As you get ready for your next interview ask yourself if you would want to watch you do that interview. If your answer is “no”, it will probably be “no” from those interviewing you as well.

Ugh! Being an Inclusive Employer is a Lot of Work!

It seems like being an ‘inclusive’ employer would be super easy! You just accept everyone! Can’t we all just get along!?

The reality is, being an inclusive employer is hard, because being inclusive isn’t about accepting everyone. What!? Oh, great, Tim has finally lost his mind, buckle-up!

I wrote a post about Jeff Bezos’s annual letter and how he lays out a great framework for how organizations and leaders should management performance. Many people liked the post, but there was also a strong reaction from a lot of people who hate Amazon’s culture.

They hear and read media accounts of Amazon being a bad place to work. About Amazon’s hard-charging, work a ton of hours, you don’t have a great work-life balance, etc. Some people go to work for Amazon and tell themselves during the interview process that “yeah, I’ve heard the stories, but I’m different, I want this, I want to be a part of a giant brand like Amazon, I can handle it because it’s a great step in my career.”

That’s when they find out they actually lack self-insight and they should never listen to their inner voice because it lies to them!

So, what does this have to do with ‘inclusion’?

If you truly believe in inclusion, you then believe that Amazon is a great place to work, for those who desire that type of culture. It might not be a culture you would ever choose to work. Amazon actually likes the people that self-select out! It makes their job easier because they don’t want you anyway!

If you stand up and shout Amazon is an awful employer, you don’t understand inclusion. No one forces you to got to work at Amazon, and Amazon does not hide who they are. In fact, Amazon might actually be the best company on the planet to show exactly who they are as an employer and what you’re signing up for if you decide to go to work there.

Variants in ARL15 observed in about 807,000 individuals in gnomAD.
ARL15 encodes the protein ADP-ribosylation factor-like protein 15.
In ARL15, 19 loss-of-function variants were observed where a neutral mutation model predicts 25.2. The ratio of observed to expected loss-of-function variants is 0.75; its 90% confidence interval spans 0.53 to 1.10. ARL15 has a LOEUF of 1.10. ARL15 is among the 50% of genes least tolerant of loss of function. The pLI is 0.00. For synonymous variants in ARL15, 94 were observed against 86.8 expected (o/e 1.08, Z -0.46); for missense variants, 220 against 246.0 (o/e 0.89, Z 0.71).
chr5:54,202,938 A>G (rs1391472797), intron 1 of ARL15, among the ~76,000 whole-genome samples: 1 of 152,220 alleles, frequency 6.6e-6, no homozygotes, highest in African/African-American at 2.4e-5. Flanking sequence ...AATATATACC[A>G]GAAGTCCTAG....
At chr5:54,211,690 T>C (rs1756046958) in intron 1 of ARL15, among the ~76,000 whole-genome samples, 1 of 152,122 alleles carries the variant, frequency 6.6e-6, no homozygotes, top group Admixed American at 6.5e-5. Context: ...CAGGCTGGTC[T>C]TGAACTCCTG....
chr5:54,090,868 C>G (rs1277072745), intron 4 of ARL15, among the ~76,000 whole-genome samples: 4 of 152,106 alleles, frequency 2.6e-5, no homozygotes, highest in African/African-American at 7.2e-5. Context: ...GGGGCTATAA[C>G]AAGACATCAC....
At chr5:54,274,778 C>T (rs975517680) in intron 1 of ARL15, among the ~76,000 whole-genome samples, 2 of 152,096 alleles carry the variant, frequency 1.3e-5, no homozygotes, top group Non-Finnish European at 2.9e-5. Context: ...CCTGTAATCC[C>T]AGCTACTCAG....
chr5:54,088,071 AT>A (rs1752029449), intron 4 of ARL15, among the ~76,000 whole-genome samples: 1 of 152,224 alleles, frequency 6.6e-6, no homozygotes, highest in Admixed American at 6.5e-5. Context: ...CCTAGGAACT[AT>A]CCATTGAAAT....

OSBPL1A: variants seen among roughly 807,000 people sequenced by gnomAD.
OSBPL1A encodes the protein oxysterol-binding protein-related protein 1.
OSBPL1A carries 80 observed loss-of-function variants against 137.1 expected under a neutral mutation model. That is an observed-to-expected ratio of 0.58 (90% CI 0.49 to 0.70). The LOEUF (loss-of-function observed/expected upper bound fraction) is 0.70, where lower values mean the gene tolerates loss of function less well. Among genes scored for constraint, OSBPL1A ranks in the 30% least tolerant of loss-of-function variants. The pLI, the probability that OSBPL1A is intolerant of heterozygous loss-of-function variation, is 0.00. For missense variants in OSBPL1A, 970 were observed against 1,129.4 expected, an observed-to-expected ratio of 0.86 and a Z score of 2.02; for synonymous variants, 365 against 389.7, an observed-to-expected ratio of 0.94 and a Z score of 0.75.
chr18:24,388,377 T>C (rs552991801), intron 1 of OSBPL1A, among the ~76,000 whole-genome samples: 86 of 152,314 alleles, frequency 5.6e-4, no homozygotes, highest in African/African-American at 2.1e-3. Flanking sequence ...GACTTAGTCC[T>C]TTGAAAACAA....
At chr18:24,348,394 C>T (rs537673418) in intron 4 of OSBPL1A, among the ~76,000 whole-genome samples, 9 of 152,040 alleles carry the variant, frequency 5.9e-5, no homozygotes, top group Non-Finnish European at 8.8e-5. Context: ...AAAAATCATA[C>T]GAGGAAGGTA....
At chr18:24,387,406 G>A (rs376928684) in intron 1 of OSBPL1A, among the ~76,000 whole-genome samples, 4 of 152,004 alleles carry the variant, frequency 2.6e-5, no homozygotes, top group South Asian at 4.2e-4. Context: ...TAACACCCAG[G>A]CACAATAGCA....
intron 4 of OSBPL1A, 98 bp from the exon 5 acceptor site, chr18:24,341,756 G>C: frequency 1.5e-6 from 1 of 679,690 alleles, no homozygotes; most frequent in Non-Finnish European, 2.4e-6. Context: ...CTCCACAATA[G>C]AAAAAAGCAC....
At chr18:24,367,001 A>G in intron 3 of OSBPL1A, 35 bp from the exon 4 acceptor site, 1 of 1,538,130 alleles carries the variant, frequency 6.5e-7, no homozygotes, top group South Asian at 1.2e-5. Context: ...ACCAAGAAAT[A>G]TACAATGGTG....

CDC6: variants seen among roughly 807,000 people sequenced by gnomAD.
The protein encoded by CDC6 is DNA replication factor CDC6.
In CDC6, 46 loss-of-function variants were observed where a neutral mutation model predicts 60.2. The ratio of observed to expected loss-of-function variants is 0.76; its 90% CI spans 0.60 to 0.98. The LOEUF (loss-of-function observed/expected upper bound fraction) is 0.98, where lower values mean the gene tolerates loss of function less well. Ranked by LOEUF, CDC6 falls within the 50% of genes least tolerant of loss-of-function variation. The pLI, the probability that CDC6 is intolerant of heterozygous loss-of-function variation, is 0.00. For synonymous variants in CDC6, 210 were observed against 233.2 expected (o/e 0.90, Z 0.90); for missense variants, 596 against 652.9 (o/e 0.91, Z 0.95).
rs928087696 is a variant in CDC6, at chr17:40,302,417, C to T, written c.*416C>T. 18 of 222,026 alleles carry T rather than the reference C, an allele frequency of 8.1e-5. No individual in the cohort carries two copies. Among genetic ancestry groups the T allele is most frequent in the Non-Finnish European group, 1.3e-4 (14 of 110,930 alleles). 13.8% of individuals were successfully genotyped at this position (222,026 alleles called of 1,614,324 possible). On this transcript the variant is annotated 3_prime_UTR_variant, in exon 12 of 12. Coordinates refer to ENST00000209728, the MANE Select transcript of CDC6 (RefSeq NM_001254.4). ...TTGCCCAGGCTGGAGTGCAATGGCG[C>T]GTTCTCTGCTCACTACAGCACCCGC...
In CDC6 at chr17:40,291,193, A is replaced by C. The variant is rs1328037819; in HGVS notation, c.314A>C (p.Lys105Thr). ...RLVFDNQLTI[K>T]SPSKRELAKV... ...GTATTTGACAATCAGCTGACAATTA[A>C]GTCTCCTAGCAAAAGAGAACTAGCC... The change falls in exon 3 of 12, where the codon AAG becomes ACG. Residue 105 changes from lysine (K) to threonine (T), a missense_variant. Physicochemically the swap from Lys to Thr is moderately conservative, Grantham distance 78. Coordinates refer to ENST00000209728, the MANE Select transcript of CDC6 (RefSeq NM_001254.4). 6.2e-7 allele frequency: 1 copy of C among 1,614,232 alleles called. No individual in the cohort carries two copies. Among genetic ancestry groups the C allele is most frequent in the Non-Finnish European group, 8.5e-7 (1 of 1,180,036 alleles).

Amazon is giant and the vast majority of its employees love working for them. Those employees thrive in that environment. It’s what they were looking for. It’s how they are wired. If you put them into another what you might consider, ’employee-friendly’ environment, they would hate it and fail.

Inclusion is hard because it forces you to think in a way that theoretically every environment is potentially a good fit for the right person. We struggle because in our minds something that is opposite of what we want must be bad. Because it’s so hard for us to even consider someone else might actually love an environment we hate.

Being an ‘inclusive’ employer is about accepting all types of people (race, gender, religion, etc.), but it’s also about only accepting all of those people who actually fit the culture you have established. That’s the hard part! Amazon accepts everyone, but you better be ready to go a thousand miles an hour and never stop.

Being an inclusive employer is hard because if it’s done right, it’s not just about being an accepting employer of all, it’s about being accepting and then only picking those candidates who actually fit your culture. The outcome can be awesome. The work to get there can be overwhelming. And if done incorrectly you go from being inclusive to exclusive.